James (Jim) Douglas Morrision, ‘61
Born on December 8, 1943 and died on July 3, 1971 at age 27
Back to the GW Stories page
This page updatedc November 18, 2006
Back to MAIN GW Alumni Page
Jim Morrison, a member of the "Doors", was handsome with a gentle, innocent look. His genuinely shy manner and soft, quiet voice was in direct contrast to the always drunk and/or stoned satyr who sang with such strident urgency, as he appeared onstage. Jim's grade school ambition was to become a writer. His idols were poets and joumalists including Rimbaud, Keats and Jack Kerouac.
As a student Jim excelled in text work and reference work, devouring knowledge in areas of history, science, psychology, english and the arts, but was troublesome in class. He learned to make friends fast and not get too close as his father being an Admiral in the navy and a career man, moved around the country frequently.
Jim went on to get a degree in Cinematography and actually made a movie. The film was greeted by a minority as a masterpiece and by several professors as the worst film they had ever seen. "Wierd" would have been a more appropriate description. Not long after that he bumped into an old class mate, Ray Manzerak, and decided to join Ray's band 'Screamin ' Ray Daniels ' _ and try out some of his Iyrics. After a reshuffle in the band Ray and Jim with Robbie Krieger and John Densmore formed The Doors.
They called themselves The Doors after Aldous Huxley's 'The Doors Of Perception' and worked for six months ending up at the most important rock club in Los Angeles, Wiskey a Go Go. By this time Jim was singing his own heady material and The Doors were fast gaining a loyal core of fans.
One night Electra Record Company's president Jac Holzman, and producer Paul Rothschild, dropped in at the club and signed the band, on the spot, for ten thousand dollars. That summer of 1967 their first album 'The Doors' was released and immediately hailed as a masterpiece. 'Light My Fire' the single off the album was a smash hit. Their next album 'Strange Days ' solidified The Doors ' success. _With two albums in the top ten, headline concerts causing riots and hit singles, Jim achieved his aim of becoming hero and controversial spokesman, blending poetry and insanity.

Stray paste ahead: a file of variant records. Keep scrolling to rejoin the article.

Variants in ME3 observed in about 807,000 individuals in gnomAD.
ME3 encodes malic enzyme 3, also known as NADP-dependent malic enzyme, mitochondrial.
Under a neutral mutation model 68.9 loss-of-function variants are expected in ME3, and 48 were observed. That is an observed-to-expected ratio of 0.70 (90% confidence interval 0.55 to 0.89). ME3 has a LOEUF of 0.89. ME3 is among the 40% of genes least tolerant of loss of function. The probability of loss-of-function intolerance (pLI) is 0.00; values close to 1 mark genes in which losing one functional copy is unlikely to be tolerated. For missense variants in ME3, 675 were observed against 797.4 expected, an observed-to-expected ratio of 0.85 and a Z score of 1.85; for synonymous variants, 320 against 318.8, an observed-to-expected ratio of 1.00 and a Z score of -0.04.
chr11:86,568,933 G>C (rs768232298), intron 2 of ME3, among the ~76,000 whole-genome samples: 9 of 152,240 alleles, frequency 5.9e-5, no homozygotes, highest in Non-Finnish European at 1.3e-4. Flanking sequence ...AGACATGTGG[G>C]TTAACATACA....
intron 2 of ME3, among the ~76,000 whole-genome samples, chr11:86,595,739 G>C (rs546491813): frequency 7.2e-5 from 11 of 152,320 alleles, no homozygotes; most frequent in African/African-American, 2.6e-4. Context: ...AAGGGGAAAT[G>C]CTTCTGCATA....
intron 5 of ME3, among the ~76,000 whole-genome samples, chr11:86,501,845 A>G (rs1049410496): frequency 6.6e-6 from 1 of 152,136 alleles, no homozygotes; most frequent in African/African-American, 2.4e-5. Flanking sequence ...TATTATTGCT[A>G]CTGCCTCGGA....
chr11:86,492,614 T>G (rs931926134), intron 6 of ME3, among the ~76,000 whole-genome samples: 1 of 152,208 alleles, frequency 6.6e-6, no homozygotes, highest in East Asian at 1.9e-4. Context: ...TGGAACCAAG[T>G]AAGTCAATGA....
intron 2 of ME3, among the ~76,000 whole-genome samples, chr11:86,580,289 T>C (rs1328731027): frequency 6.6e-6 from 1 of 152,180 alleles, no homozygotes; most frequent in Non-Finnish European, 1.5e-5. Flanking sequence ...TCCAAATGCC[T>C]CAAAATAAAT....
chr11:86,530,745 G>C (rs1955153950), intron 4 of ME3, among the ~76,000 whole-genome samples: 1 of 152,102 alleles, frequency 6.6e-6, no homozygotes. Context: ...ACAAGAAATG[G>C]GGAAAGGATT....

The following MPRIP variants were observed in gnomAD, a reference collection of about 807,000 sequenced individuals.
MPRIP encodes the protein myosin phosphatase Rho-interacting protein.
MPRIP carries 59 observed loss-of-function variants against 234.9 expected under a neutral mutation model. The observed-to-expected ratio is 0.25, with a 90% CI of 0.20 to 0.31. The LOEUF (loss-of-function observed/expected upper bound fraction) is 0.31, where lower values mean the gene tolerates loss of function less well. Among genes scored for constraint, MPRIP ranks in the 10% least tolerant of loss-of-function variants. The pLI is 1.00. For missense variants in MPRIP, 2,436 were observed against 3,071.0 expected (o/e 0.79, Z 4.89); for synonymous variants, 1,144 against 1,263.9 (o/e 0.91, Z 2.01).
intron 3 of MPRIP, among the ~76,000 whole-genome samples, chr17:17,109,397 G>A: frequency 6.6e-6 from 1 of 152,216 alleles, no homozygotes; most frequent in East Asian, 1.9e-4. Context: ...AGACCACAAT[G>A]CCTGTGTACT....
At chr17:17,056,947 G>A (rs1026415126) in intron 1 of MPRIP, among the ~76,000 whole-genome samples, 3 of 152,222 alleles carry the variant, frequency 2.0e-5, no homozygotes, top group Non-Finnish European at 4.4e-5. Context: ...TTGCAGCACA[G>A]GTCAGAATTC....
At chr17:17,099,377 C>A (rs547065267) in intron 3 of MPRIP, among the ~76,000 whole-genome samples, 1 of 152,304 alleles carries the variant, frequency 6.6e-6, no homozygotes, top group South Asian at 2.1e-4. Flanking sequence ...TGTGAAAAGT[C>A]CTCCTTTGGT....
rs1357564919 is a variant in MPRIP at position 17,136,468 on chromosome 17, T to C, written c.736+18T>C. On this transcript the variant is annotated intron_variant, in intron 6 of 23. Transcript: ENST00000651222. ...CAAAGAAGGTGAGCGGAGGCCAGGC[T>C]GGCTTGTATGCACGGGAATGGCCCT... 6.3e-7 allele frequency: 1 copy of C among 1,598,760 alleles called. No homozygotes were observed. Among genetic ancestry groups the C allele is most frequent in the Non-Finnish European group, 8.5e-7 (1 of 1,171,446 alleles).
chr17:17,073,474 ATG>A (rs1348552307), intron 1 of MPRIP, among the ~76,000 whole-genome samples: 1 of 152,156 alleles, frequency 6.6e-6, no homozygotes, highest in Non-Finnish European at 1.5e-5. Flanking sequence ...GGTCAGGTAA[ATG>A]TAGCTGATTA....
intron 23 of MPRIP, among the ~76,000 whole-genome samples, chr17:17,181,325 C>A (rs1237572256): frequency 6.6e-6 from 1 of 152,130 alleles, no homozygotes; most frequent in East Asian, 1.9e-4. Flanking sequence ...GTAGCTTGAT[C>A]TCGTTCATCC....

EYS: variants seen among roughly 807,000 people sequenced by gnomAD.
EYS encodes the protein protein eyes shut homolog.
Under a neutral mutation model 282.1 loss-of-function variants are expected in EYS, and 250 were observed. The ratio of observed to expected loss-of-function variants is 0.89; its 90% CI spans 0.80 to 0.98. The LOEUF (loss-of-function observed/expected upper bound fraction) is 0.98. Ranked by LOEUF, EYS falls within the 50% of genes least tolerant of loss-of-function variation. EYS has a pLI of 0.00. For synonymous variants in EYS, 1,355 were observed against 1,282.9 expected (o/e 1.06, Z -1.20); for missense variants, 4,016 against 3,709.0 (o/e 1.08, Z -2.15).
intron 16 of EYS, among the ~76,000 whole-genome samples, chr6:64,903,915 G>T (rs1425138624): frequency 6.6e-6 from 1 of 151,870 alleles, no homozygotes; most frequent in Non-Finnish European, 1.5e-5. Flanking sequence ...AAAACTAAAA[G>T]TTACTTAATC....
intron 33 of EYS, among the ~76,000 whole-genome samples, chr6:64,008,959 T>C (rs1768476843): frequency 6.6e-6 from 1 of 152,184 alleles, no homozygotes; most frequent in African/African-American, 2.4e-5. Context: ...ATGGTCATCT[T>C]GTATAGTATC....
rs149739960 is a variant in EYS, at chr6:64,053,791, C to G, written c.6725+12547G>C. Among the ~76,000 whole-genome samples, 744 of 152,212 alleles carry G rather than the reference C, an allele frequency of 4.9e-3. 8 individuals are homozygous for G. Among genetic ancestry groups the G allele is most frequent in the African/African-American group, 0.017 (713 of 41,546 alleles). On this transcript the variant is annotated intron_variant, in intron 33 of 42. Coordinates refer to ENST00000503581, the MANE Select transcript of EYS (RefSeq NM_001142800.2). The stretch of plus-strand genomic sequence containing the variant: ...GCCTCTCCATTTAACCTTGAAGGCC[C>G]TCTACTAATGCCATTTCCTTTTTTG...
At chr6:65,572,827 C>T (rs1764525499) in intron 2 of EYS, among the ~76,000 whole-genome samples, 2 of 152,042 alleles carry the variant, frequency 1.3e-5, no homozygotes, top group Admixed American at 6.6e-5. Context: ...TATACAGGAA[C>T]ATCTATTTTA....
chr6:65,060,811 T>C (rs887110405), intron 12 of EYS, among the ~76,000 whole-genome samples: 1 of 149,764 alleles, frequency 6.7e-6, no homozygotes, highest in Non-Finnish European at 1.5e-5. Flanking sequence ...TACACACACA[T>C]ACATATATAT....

The Doors became myth makers, the group who sang about sex, doom, the revolution and death, and Jim a performer of enormous capabilities. With his picture on the cover of practically all teen magazines in America, and heralded 'The King of Acid Rock', 'The King of Orgasmic Rock ', 'The Ultimate Barbie Doll ' and 'The Lizard King' Jim was every girl's dream and every boy's self image.
Jim was becoming notorious for his drug taking, taking and fast living and by the time The Doors third album 'Waiting For The Sun' came out, his popularity had begun to wane as his fans watched him become drunker and fatter.
Arrests after The Doors' Miami concert of March 2nd 1969 for "lewd and lascivious behaviour" sparked a nation wide ban on the group, resulting in exclusion from 16 states, and Jim began to rebel against the image he had created, shedding his leathers in fear of another bust. Twelve previous arrests had not left their mark, but this was the first time his arrest had serious repercussions.
Their next album 'The Soft Parade'released in the summer of 1969 did not make the impact of the earlier albums and although 'Morrison Hotel' released in early 1970 redeemed them somewhat, the future of The Doors was at best, uncertain.
Jim was not unaware of his own absurdity and the Iyrics of 'Absolutely Live' (1970) belie his disillusionment .... "Dead cat in a top hat, Thinks he's an aristocrat That's crap". With the finish of the bluesy and intermittently successful album 'L.A. Woman', Morrison headed for Paris. He was probably looking for renewed inspiration in the birth place of French symbolist poetry and_surrealism.
So Jim met his partner Pamela in Paris and his restless soul finally found peace when he died in his bath tub on July 3rd, 1971. Speculations as to the cause of his death abound and their are some who even proclaim that he is still alive.
Before he went to France he had recorded a legacy to Doors fans and the world at large with some of his poetry.
In 1978 the remaining Doors' members, Ray Manzerak, Robbie Krieger and John Densmore got together and put his poetry to music for the latest album 'An American Prayer' In it Jim seems to be prophesing his own death and welcoming it, through lines such as:
"Death makes angels of us all & gives us wings
Where we had shoulders smooth as raven's claws
No more money, no more fancy dress
This other Kingdom seems by far the best
until its other jaw reveals incest
& loose obedience to a vegetable law
I will not go
Prefer a Feast of Friends
To the Giant Family. "
Back to the GW Stories page This page updatedc November 18, 2006 Back to MAIN GW Alumni Page